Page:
Guidelines & Circulars
- Our Ref.:
22 December 1999
The Chief Executive
All authorized institutions
Information system security and other reminders for the Year 2000 rollover
The Hong Kong Monetary Authority (HKMA) has warned authorized institutions about the risk of Year 2000-related computer viruses - see the HKMA circular issued on 14 May 1999. It is important that institutions should be on the alert for these, and take measures to safeguard themselves over the coming weeks.
In this connection, I enclose a copy of a Joint Year 2000 Council Advisory for your reference. The Advisory provides recommendations to financial institutions on how they can enhance their security programmes during the transition period.
I should also remind you that certain computer viruses could spread via e-mail, e.g. electronic Christmas cards1. Although many desktop computers are protected by anti-virus programmes, there may be delays before the virus definition file can catch up with the latest viruses. In order to minimise the risk of computer systems getting infected, it is essential that your staff do not run any programmes originating from unknown sources, including via e-mail and the Internet.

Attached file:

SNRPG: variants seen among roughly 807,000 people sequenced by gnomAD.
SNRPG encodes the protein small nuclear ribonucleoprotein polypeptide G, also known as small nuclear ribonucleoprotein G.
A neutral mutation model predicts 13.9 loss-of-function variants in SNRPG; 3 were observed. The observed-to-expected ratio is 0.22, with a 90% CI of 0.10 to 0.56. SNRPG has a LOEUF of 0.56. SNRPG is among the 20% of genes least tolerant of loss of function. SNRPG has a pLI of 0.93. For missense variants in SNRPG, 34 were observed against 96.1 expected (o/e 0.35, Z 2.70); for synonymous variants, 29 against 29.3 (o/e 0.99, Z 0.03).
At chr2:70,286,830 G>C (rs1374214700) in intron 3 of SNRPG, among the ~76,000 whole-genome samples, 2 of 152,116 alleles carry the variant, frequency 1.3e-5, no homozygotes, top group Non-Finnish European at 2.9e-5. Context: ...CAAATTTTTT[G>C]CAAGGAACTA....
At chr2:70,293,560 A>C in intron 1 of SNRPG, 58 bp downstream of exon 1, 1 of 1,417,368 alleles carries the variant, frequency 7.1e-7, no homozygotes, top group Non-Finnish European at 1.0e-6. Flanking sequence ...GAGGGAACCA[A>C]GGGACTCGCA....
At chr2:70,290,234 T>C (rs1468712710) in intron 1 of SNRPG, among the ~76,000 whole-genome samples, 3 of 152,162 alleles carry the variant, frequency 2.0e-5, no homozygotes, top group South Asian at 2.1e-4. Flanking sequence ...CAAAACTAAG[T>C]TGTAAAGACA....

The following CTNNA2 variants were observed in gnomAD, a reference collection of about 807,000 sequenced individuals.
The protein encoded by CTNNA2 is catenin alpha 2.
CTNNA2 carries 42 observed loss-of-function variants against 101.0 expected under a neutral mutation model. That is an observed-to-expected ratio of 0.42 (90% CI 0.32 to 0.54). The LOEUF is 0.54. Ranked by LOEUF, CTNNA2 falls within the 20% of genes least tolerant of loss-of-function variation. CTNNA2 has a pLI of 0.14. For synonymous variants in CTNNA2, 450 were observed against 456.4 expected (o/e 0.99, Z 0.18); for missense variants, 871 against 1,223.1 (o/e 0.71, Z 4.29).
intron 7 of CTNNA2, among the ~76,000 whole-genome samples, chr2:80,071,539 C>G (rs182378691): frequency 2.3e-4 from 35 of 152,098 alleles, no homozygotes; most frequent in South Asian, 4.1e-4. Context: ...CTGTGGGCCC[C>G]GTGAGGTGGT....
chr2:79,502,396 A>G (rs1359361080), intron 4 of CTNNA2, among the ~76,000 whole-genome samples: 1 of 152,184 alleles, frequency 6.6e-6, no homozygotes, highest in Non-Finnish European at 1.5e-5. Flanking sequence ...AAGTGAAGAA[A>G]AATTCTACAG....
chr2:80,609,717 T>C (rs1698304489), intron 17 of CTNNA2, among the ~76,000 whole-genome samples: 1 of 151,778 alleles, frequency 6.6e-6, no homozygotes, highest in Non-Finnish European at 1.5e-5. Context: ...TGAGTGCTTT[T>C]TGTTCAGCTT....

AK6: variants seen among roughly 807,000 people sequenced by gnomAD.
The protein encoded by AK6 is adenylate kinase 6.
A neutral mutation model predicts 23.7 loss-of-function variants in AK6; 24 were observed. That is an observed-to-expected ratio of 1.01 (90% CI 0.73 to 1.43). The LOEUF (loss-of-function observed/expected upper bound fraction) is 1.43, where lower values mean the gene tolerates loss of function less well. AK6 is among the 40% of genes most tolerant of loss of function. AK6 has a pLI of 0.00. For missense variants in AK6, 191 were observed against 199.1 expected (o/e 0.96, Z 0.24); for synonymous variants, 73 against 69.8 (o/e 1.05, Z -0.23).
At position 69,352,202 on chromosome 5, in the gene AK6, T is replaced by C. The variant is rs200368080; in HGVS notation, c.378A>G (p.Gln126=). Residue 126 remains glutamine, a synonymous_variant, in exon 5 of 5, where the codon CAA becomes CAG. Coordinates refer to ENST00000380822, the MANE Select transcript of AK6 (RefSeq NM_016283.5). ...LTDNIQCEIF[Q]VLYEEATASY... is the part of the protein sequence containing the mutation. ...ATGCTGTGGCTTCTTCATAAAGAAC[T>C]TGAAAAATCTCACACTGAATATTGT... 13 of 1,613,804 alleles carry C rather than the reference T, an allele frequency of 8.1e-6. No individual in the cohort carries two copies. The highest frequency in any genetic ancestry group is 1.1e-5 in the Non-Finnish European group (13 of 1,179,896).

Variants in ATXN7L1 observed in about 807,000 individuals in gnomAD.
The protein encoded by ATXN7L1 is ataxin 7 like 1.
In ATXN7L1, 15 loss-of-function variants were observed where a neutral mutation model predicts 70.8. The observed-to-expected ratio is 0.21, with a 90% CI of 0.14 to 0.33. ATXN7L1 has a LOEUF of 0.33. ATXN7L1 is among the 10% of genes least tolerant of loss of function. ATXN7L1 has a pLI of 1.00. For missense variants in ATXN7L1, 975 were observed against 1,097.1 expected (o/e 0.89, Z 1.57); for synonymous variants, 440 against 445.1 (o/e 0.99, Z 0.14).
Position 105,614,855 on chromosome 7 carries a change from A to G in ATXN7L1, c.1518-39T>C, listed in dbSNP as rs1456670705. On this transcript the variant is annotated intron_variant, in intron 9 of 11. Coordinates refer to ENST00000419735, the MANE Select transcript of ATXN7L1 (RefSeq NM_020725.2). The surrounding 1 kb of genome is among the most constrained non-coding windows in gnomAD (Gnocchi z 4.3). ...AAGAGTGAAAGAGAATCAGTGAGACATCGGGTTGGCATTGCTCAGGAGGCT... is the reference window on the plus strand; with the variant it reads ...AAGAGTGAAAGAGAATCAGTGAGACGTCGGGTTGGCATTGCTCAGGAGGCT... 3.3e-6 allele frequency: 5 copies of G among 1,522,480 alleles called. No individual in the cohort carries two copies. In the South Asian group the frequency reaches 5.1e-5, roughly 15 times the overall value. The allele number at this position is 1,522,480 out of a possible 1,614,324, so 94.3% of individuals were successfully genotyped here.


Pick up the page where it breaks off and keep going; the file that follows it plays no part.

Finally, it is important that institutions should explain clearly to counterparties and, if necessary, members of the public the reasons for any action that they might take to temporarily suspend trading or other services during the transition period. Such action might for example be taken so that computer systems can be checked or backed up. In such cases, it is important that institutions do not wrongly give the impression that they are suffering from Year 2000 problems.
I wish to take this opportunity to wish you all a smooth Y2K transition and a prosperous New Year.
( D T R Carse )
Deputy Chief Executive (Banking)
- Chairman, HKAB
Secretary for Financial Services (Attention: Miss Vivian Lau)
1. For example, it was recently reported in the US that a virus with a Y2K trigger date could spread via e-mail, disguising itself with the ruse of "here's some pictures for you." If a user clicks on an attachment to the message, the virus sends a copy of itself to 50 correspondents found in the user's personal address book. On 1 January 2000, it will try to erase the user's hard drive.